As a threshold matter, the Court must determine whether the Supreme Court's ruling in Ratzlaf applies retroactively in the context of a section 2255 motion. While several courts have applied Ratzlaf retroactively on direct appeal, see, e.g., United States v. Gray, 47 F.3d 1359, 1363 (4th Cir.1995); United States v. Retos, 25 F.3d 1220, 1230 (3rd Cir.1994); United States v. Hollingsworth, 27 F.3d 1196, 1219 n. 9 (7th Cir.1994); United States v. Jones, 21 F.3d 165, 172 (7th Cir.1994), few have confronted this issue in the context of a collateral attack of a conviction.
One court that has addressed this issue was the Tenth Circuit Court of Appeals in United States v. Dashney, 52 F.3d 298, 298-99 (10th Cir.1995). In Dashney, the Tenth Circuit reversed a lower court ruling which had dismissed a section 2255 motion on the ground that Ratzlaf did not apply retroactively after final sentence. In denying relief, the district court had relied on Teague v. Lane, 489 U.S. 288, 310, 109 S. Ct. 1060, 1075, 103 L. Ed. 2d 334 (1989), wherein the Supreme Court held that new constitutional rules of criminal procedure do not apply retroactively to cases that have become final prior to the new rule. The Tenth Circuit Court of Appeals distinguished Teague, however, finding Ratzlaf to be a "`substantive non-constitutional decision concerning the reach of a federal statute.'" United States v. Dashney, 52 F.3d at 299 (quoting United States v. Shelton, 848 F.2d 1485, 1489 (10th Cir.1988)). Specifically, the Tenth Circuit stated:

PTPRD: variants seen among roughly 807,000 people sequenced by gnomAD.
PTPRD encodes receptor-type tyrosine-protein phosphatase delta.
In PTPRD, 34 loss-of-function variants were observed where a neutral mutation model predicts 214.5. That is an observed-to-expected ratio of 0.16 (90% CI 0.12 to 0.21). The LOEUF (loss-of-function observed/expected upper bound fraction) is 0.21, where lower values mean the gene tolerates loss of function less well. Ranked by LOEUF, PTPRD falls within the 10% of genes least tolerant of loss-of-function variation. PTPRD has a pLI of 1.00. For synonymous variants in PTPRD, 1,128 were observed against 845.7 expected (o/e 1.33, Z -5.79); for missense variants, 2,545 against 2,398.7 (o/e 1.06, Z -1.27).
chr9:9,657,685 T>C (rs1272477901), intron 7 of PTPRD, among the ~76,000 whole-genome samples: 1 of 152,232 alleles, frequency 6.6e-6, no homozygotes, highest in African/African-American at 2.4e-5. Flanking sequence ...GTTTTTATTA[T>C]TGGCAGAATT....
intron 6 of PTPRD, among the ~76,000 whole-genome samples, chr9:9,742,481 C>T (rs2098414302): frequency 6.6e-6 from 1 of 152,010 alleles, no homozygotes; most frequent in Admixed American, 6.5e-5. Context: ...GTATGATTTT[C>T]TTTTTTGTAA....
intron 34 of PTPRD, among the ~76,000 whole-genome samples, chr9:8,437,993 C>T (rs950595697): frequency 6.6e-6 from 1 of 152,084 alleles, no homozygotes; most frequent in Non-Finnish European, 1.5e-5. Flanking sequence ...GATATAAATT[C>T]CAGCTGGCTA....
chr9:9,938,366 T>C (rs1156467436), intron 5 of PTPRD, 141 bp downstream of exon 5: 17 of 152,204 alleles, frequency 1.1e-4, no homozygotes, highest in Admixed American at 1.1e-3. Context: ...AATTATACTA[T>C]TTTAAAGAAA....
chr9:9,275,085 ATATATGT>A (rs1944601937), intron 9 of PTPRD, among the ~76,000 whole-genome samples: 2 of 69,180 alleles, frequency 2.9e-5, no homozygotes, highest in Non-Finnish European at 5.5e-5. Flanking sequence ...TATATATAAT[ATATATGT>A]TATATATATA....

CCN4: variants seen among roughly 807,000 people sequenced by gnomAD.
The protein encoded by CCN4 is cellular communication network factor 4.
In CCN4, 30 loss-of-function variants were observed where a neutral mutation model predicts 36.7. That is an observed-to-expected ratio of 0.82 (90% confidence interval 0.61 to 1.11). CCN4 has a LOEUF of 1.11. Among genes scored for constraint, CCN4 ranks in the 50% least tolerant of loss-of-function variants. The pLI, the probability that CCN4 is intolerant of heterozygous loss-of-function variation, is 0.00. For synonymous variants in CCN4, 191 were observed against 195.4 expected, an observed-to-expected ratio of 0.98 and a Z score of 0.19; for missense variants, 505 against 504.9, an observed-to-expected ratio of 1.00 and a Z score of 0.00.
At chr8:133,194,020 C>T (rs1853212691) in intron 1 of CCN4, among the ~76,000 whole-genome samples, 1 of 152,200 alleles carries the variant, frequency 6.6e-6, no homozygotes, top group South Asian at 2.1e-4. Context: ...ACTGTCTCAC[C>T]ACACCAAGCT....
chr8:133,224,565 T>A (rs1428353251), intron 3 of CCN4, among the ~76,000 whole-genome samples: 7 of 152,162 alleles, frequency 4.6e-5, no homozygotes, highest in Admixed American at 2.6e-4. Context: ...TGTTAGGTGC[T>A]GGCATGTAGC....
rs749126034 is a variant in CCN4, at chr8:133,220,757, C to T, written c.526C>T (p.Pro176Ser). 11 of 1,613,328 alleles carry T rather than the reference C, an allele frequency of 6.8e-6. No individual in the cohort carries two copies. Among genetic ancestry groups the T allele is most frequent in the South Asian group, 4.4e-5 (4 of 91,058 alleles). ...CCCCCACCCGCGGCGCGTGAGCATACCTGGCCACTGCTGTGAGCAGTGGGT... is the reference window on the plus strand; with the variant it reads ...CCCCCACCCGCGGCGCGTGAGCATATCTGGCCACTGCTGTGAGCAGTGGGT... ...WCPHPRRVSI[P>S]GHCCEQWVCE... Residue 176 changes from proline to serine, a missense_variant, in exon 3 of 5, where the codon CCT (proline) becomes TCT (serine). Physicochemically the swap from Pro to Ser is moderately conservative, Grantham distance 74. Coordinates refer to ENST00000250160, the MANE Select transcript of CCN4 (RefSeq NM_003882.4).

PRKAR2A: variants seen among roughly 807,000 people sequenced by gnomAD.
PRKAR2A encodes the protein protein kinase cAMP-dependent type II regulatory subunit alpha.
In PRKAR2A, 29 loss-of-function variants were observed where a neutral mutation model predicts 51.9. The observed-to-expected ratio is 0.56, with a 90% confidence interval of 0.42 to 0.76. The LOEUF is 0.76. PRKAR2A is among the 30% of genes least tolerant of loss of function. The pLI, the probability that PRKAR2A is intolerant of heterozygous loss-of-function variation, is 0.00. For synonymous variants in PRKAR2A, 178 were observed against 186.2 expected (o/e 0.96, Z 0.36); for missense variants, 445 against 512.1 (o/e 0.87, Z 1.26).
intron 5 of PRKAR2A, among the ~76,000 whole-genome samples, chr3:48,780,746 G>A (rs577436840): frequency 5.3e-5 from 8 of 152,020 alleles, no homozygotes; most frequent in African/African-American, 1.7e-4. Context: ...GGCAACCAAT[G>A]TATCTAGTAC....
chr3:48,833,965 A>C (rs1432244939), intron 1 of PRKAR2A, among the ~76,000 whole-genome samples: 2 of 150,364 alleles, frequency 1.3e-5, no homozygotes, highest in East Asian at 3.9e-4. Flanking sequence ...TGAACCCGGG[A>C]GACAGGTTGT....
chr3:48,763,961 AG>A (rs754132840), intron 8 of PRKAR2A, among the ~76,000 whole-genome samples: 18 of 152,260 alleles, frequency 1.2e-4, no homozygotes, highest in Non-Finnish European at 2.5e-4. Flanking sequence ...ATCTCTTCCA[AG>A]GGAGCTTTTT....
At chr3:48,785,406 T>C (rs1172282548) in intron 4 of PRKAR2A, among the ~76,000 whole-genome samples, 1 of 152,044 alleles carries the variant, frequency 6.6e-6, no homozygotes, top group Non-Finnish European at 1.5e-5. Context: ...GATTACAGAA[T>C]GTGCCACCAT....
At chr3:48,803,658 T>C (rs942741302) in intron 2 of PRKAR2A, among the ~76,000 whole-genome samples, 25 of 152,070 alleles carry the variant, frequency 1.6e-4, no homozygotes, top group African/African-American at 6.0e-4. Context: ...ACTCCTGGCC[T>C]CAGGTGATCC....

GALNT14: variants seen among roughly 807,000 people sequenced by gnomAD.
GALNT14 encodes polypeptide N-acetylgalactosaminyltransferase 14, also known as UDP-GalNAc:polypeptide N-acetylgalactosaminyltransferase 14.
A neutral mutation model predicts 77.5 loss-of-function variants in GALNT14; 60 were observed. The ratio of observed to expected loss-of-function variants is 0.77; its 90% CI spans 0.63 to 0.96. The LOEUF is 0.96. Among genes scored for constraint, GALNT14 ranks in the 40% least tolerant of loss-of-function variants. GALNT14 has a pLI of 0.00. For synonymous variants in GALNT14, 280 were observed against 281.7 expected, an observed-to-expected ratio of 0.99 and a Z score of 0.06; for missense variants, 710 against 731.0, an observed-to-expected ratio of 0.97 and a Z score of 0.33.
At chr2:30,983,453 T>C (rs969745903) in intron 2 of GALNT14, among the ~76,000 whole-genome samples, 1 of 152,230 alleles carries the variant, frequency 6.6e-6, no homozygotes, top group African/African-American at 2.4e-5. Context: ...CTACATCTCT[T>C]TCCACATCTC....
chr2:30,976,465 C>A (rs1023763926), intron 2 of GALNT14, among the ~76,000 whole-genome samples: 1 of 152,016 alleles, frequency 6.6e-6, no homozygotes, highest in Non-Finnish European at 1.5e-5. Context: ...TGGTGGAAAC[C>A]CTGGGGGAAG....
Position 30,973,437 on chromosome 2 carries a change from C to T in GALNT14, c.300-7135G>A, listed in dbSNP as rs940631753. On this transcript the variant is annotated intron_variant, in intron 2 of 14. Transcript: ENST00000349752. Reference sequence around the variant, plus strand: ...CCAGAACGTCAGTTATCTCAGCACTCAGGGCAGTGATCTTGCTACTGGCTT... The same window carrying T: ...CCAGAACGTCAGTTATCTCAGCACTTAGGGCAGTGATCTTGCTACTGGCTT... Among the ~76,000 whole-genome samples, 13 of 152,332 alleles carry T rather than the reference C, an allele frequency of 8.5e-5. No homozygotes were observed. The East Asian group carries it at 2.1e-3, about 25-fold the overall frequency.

What Ratzlaf did was articulate the substantive elements which the government must prove to convict a person charged under 5322(a) and 5324(3). That is, it explained what conduct is criminalized. This is a substantive change in the law mandating retroactivity because "a statute cannot mean one thing prior to the Supreme Court's interpretation and something entirely different afterwards."
Id. (quoting United States v. Shelton, 848 F.2d at 1489).